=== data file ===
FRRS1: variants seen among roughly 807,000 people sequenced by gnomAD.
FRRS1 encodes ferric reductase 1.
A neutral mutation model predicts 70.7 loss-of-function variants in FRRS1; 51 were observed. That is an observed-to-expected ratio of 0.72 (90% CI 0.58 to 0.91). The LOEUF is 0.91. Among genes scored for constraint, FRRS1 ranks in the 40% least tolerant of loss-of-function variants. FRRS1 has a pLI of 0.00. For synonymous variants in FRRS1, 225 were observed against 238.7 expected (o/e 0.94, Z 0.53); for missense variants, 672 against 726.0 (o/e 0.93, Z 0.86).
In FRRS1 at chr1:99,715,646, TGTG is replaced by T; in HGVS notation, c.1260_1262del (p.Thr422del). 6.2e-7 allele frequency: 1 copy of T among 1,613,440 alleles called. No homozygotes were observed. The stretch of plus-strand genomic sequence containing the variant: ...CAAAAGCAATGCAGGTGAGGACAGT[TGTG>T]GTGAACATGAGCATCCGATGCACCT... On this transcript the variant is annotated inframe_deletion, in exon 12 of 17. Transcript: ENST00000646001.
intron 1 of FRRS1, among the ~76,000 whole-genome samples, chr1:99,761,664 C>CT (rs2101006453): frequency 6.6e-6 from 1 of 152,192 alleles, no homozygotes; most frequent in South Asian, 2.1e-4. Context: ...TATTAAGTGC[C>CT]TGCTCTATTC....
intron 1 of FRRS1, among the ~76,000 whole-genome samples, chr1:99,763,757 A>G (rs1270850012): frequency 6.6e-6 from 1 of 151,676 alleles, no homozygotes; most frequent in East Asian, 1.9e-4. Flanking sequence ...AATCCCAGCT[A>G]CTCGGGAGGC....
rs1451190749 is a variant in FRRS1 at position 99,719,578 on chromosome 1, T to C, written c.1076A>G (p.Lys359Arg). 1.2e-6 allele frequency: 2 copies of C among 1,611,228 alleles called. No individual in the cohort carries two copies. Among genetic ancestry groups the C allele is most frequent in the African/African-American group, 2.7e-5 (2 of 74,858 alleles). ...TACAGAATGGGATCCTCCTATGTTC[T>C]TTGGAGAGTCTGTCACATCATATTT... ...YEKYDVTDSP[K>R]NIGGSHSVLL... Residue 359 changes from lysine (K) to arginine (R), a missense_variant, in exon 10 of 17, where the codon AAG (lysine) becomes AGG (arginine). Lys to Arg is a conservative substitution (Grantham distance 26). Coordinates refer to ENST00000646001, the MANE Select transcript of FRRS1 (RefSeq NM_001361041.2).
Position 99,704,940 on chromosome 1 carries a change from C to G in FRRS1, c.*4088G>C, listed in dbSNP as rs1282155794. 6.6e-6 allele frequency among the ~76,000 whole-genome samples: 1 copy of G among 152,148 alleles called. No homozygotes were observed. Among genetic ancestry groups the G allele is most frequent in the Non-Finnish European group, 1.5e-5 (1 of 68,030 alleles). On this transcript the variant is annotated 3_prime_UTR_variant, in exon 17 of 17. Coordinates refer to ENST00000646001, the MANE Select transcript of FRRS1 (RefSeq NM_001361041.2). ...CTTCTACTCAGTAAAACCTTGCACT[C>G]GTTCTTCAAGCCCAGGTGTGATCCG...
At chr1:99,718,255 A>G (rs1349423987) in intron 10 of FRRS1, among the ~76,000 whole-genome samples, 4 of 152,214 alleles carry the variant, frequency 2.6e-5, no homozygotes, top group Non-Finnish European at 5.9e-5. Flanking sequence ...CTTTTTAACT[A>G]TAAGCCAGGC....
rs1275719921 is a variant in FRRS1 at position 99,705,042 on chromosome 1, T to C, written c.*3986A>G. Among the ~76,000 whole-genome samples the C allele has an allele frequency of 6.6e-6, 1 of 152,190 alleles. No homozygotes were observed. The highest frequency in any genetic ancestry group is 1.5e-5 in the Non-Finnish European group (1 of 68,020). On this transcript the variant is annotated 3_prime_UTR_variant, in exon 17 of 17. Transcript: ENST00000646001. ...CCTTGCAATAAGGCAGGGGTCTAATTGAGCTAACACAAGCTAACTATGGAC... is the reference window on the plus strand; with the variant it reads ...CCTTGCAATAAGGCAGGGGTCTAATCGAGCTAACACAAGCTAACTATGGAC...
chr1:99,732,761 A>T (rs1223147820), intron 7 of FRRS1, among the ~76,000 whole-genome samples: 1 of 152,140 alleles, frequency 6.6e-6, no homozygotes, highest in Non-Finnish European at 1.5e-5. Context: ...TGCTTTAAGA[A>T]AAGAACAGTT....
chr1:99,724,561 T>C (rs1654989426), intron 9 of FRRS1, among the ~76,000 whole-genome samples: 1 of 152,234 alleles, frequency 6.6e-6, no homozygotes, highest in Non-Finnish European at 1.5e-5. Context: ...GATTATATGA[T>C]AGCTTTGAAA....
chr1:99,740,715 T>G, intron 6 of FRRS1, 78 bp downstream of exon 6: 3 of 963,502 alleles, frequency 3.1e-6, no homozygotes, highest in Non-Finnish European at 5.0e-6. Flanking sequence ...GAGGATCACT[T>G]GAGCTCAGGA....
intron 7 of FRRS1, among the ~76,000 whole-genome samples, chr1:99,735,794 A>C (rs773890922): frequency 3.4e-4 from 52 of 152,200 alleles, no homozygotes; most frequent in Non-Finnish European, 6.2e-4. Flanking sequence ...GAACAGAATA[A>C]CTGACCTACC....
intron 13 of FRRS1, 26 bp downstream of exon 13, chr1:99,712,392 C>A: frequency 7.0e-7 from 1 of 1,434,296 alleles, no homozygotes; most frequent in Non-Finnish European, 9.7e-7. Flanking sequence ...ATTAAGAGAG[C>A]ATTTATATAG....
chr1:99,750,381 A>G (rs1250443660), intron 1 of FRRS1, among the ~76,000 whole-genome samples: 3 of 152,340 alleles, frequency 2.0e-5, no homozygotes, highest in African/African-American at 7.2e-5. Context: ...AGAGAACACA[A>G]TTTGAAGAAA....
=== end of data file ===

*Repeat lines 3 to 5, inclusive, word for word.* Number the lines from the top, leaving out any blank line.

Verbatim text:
A neutral mutation model predicts 70.7 loss-of-function variants in FRRS1; 51 were observed. That is an observed-to-expected ratio of 0.72 (90% CI 0.58 to 0.91). The LOEUF is 0.91. Among genes scored for constraint, FRRS1 ranks in the 40% least tolerant of loss-of-function variants. FRRS1 has a pLI of 0.00. For synonymous variants in FRRS1, 225 were observed against 238.7 expected (o/e 0.94, Z 0.53); for missense variants, 672 against 726.0 (o/e 0.93, Z 0.86).
In FRRS1 at chr1:99,715,646, TGTG is replaced by T; in HGVS notation, c.1260_1262del (p.Thr422del). 6.2e-7 allele frequency: 1 copy of T among 1,613,440 alleles called. No homozygotes were observed. The stretch of plus-strand genomic sequence containing the variant: ...CAAAAGCAATGCAGGTGAGGACAGT[TGTG>T]GTGAACATGAGCATCCGATGCACCT... On this transcript the variant is annotated inframe_deletion, in exon 12 of 17. Transcript: ENST00000646001.
intron 1 of FRRS1, among the ~76,000 whole-genome samples, chr1:99,761,664 C>CT (rs2101006453): frequency 6.6e-6 from 1 of 152,192 alleles, no homozygotes; most frequent in South Asian, 2.1e-4. Context: ...TATTAAGTGC[C>CT]TGCTCTATTC....